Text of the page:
It's Time To Laugh Again

by Michael R. Lee, Ph.D.

One of the great strengths of radio production over the years has been its awesome irreverence. No person or institution has escaped the satirical efforts of radio’s best producers. From the clever to the hilarious, this represents radio at its best.

While recently conducting production workshops and seminars in Australia and New Zealand, I compiled a lengthy series of radio promos and liners that were funny and memorable. They came from many different countries and formats. They used a myriad of techniques. And they consistently made the listener smile or laugh.

The only problem presented by this gathering of material was the realization that most of it was several years old. The new era of radio, with its tight deadlines and slavish devotion to quantity, may be sapping the humor right out of production at a time when it’s probably more important than ever.

In reviewing the work of Australian radio producers, there were tendencies that are true the world over. In general, the technical side was superbly done — from excellent mixes to superior audio quality. The t’s were crossed and the i’s dotted. But the soul of the production was not much in evidence.

After discussing the dearth of great humor and cleverness in the Aussie promos, several key trends emerged that are worthy of consideration by us all. Point number one. Writing is the first and foremost problem. In Australia, there are often separate people employed as writers versus producers. The product should improve from this separation of duties, but it seems to have had the opposite effect. In the rest of the world, where separate writers are a luxury, we have the problem of producers with little background, aptitude or desire to write. Unfortunately, their work is severely limited by that.

Good writing often has the power to transcend mediocre production values, but it is almost impossible for great production to save a poor script. Good writing is the product of intelligence, time, collaboration and a creative environment in which to work. Modern radio is certainly lacking the last three ingredients.

The recent influx of younger producers, in all candor, has been largely due to budgets and the desire of many experienced producers to leave the business. Younger producers represent both a great opportunity and a growing problem. As one of Australia’s best young producers said to me, “Our stuff is always hip. It sounds cool. If we go after the kind of humor you propose, we won’t be seen as cool.”

Touché. Great humor is not born of cool, dispassionate, all style-over-substance production. However, the purpose of great production is not to impress other producers, but to give the audience something entertaining and memorable. How memorable is the kind of cool production we often give listeners? How much more entertaining and memorable is something that is funny or wickedly clever?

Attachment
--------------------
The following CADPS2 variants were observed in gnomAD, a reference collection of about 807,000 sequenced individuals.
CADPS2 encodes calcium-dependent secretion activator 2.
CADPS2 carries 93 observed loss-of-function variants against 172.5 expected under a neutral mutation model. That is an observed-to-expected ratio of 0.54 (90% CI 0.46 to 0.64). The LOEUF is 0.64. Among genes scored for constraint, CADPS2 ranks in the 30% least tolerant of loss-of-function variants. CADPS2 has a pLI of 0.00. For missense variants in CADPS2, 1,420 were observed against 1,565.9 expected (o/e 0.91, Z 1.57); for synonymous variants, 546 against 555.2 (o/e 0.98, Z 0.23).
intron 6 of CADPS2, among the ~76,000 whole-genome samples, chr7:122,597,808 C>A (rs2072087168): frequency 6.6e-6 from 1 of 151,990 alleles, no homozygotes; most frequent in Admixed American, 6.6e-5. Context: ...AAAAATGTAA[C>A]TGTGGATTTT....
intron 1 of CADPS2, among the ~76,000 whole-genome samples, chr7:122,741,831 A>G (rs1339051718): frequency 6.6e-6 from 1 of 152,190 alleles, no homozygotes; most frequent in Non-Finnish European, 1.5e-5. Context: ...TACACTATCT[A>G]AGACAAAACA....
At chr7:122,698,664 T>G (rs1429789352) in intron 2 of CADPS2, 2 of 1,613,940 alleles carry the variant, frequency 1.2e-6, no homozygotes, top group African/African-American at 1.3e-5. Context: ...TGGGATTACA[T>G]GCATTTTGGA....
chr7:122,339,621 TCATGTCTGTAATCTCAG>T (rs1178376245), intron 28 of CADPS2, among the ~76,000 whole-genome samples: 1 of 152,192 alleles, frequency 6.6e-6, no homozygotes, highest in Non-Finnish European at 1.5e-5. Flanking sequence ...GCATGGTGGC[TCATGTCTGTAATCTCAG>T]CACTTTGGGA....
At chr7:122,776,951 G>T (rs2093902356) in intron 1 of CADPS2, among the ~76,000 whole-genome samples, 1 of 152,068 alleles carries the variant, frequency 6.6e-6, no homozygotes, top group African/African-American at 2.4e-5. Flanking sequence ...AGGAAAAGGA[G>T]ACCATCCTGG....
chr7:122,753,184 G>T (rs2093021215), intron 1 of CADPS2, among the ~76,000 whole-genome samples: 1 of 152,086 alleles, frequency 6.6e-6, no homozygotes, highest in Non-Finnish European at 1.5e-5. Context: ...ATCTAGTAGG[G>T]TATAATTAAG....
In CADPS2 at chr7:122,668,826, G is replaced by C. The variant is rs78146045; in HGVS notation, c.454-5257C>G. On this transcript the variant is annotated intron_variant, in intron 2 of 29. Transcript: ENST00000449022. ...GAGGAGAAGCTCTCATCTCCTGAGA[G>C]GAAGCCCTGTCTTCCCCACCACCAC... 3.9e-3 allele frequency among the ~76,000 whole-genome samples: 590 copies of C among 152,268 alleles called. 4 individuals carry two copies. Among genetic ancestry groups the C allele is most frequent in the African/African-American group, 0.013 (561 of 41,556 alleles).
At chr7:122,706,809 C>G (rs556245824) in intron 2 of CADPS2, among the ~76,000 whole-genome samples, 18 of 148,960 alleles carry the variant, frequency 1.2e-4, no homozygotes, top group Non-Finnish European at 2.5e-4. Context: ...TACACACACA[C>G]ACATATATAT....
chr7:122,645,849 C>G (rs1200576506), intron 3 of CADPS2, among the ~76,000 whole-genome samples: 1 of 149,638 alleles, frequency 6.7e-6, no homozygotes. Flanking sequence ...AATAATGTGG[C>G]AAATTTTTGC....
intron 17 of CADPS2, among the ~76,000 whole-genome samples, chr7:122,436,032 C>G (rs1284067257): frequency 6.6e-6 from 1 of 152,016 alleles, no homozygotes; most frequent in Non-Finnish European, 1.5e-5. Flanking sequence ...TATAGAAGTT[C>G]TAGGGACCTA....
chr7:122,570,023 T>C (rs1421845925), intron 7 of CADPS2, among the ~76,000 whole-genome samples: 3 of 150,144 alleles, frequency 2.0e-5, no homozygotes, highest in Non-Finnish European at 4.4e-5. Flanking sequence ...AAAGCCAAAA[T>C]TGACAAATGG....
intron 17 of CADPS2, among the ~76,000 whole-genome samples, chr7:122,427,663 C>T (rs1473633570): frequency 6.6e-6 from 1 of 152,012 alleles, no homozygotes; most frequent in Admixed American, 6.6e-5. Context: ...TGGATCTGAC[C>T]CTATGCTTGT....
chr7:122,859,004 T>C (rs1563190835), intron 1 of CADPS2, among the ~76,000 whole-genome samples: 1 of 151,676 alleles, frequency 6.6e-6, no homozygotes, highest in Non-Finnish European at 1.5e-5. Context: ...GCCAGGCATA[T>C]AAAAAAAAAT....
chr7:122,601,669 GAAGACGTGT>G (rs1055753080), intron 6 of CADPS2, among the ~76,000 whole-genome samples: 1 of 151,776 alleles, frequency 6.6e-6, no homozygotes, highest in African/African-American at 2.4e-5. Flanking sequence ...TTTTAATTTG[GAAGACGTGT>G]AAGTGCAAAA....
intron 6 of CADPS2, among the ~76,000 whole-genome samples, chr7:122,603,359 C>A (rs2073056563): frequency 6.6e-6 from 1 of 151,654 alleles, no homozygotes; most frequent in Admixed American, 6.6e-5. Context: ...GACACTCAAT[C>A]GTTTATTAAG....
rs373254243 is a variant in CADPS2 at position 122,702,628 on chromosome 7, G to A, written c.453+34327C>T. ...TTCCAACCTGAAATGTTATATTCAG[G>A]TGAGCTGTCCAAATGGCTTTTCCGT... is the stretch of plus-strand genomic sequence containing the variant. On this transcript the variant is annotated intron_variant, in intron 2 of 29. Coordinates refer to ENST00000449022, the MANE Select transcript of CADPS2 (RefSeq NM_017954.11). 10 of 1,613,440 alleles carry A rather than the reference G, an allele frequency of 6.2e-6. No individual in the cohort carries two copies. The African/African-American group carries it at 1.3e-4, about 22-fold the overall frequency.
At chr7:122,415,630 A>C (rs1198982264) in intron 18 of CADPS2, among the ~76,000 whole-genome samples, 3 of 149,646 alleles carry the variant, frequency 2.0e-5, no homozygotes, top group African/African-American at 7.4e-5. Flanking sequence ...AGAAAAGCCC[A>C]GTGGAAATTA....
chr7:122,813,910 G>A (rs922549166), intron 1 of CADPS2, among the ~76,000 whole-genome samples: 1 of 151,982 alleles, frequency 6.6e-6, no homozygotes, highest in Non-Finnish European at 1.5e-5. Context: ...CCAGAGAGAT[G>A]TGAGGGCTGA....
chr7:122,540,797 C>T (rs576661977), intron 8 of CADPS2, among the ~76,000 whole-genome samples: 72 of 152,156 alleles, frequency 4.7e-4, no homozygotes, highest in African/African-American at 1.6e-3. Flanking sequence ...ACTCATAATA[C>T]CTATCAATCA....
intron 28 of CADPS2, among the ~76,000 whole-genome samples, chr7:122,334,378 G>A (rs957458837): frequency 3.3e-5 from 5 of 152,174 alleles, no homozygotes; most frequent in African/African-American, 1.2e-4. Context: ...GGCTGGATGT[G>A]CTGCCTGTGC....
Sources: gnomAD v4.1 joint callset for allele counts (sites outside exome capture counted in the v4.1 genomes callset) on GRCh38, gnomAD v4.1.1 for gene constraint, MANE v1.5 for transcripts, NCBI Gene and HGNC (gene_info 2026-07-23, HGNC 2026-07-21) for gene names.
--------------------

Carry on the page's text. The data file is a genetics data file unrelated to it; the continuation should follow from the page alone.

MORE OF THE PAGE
Point number two. We cannot produce just for our peers. The audience is not nearly as cognizant of or impressed by techno tricks or slick mixes. These are merely tools, not the message itself. Even when the audience sees itself as cool, they are always susceptible to humor.

Point number three. Audiences are probably more into substance than producers or programmers think they are. What listener thinks or talks like, “The best hits of the 70s, 80s and 90s”? Liners of that nature are based more on corporate garbage-speak than on any empirical evidence that listeners respond to it.

Point number four. Great promos are not generally created in short time frames. Yes, it actually takes a bit of time to set up something very funny. In collecting some of the world’s greatest promos, it was evident that 30 seconds is sufficient less than half the time. Programmers are too rigid in reducing the length of promos; producers too willingly accept those restrictions.

Point number five. We have lost the desire and ability to tell stories. Most of the young producers I speak with have no concept of what it is to provide a narrative with a beginning, middle and end. They instead see the puzzle as a series of short scenes that are connected by nothing except production technique. My challenge to producers is to take the time to tell a story in 60 seconds. Why not start with something simple, like a boy and a ball?

Point number six. Stop trying to cram in every bullet point in every promo. If there are four reasons to play the contest or listen to the morning show, cramming them all into one promo will only serve to cancel each other out. Instead, concentrate on one point that you can adequately drive home in the time frame allotted. The more you cram into the promo, the harder it is to be clever or memorable.

Point number seven. Attack everything and everyone. You don’t have to be gross or tasteless, but nothing should be sacrosanct. Not politicians, religion, competitors, bosses or the station itself. One complaint often voiced by programmers/managers is that the material is too “inside.” But watch movies or television. What was once too “inside” is now often too tame.

Point number eight. Never give up. One thing the on-air stars and top producers of radio have in common is that they were all told by management along the way that their work was terrible and unappealing to listeners. If radio managers have an unholy pipeline to the thoughts and emotions of listeners, we should be told about it. If they are armed with such knowledge, why can’t they put out a better product or stem the tide of radio listeners vanishing into the mist?

There is nothing so wrong with radio production or producers that it can’t be fixed. But this will not happen by serendipity or blind luck. We must face the problems directly and work on enduring solutions. Otherwise, the next laugh we’re likely to have will be on us.

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